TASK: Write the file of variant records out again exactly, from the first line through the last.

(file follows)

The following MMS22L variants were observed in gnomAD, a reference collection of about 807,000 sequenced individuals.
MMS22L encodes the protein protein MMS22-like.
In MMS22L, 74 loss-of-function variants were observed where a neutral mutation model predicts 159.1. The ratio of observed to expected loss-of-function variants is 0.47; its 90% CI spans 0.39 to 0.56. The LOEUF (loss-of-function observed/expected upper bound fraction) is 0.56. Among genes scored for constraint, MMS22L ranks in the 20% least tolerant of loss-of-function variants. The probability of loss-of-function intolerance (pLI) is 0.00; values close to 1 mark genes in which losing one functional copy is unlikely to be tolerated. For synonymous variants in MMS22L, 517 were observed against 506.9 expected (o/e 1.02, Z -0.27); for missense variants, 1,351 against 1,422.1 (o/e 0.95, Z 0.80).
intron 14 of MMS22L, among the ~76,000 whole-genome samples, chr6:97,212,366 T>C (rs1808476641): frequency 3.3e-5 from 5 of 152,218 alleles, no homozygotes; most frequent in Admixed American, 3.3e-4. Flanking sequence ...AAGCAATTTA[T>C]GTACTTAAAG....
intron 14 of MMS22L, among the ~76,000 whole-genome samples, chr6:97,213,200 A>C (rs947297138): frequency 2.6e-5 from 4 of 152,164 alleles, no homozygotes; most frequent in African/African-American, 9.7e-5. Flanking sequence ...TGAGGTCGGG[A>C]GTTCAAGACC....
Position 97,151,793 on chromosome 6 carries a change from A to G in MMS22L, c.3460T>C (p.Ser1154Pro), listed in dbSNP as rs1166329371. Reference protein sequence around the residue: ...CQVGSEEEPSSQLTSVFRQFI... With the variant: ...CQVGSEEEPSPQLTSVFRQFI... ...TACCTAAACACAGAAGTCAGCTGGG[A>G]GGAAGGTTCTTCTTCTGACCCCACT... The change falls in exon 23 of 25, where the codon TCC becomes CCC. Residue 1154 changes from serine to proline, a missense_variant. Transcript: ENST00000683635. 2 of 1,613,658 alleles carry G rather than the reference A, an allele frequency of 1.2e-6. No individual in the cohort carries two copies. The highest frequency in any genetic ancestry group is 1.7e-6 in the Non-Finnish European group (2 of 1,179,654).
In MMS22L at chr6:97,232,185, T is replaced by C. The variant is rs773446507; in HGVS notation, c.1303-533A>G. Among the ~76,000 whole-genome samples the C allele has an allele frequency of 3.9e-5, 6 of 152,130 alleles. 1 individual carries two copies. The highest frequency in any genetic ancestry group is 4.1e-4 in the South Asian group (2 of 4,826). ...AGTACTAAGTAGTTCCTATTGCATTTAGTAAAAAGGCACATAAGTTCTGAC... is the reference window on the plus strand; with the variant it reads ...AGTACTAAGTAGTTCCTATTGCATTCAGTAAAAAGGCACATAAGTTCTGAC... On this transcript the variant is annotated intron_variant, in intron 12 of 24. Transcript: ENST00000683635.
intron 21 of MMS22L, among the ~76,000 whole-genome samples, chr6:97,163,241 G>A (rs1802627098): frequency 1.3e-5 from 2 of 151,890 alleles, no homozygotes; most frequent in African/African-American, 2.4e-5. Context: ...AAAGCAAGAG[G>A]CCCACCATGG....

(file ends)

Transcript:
The following MMS22L variants were observed in gnomAD, a reference collection of about 807,000 sequenced individuals.
MMS22L encodes the protein protein MMS22-like.
In MMS22L, 74 loss-of-function variants were observed where a neutral mutation model predicts 159.1. The ratio of observed to expected loss-of-function variants is 0.47; its 90% CI spans 0.39 to 0.56. The LOEUF (loss-of-function observed/expected upper bound fraction) is 0.56. Among genes scored for constraint, MMS22L ranks in the 20% least tolerant of loss-of-function variants. The probability of loss-of-function intolerance (pLI) is 0.00; values close to 1 mark genes in which losing one functional copy is unlikely to be tolerated. For synonymous variants in MMS22L, 517 were observed against 506.9 expected (o/e 1.02, Z -0.27); for missense variants, 1,351 against 1,422.1 (o/e 0.95, Z 0.80).
intron 14 of MMS22L, among the ~76,000 whole-genome samples, chr6:97,212,366 T>C (rs1808476641): frequency 3.3e-5 from 5 of 152,218 alleles, no homozygotes; most frequent in Admixed American, 3.3e-4. Flanking sequence ...AAGCAATTTA[T>C]GTACTTAAAG....
intron 14 of MMS22L, among the ~76,000 whole-genome samples, chr6:97,213,200 A>C (rs947297138): frequency 2.6e-5 from 4 of 152,164 alleles, no homozygotes; most frequent in African/African-American, 9.7e-5. Flanking sequence ...TGAGGTCGGG[A>C]GTTCAAGACC....
Position 97,151,793 on chromosome 6 carries a change from A to G in MMS22L, c.3460T>C (p.Ser1154Pro), listed in dbSNP as rs1166329371. Reference protein sequence around the residue: ...CQVGSEEEPSSQLTSVFRQFI... With the variant: ...CQVGSEEEPSPQLTSVFRQFI... ...TACCTAAACACAGAAGTCAGCTGGG[A>G]GGAAGGTTCTTCTTCTGACCCCACT... The change falls in exon 23 of 25, where the codon TCC becomes CCC. Residue 1154 changes from serine to proline, a missense_variant. Transcript: ENST00000683635. 2 of 1,613,658 alleles carry G rather than the reference A, an allele frequency of 1.2e-6. No individual in the cohort carries two copies. The highest frequency in any genetic ancestry group is 1.7e-6 in the Non-Finnish European group (2 of 1,179,654).
In MMS22L at chr6:97,232,185, T is replaced by C. The variant is rs773446507; in HGVS notation, c.1303-533A>G. Among the ~76,000 whole-genome samples the C allele has an allele frequency of 3.9e-5, 6 of 152,130 alleles. 1 individual carries two copies. The highest frequency in any genetic ancestry group is 4.1e-4 in the South Asian group (2 of 4,826). ...AGTACTAAGTAGTTCCTATTGCATTTAGTAAAAAGGCACATAAGTTCTGAC... is the reference window on the plus strand; with the variant it reads ...AGTACTAAGTAGTTCCTATTGCATTCAGTAAAAAGGCACATAAGTTCTGAC... On this transcript the variant is annotated intron_variant, in intron 12 of 24. Transcript: ENST00000683635.
intron 21 of MMS22L, among the ~76,000 whole-genome samples, chr6:97,163,241 G>A (rs1802627098): frequency 1.3e-5 from 2 of 151,890 alleles, no homozygotes; most frequent in African/African-American, 2.4e-5. Context: ...AAAGCAAGAG[G>A]CCCACCATGG....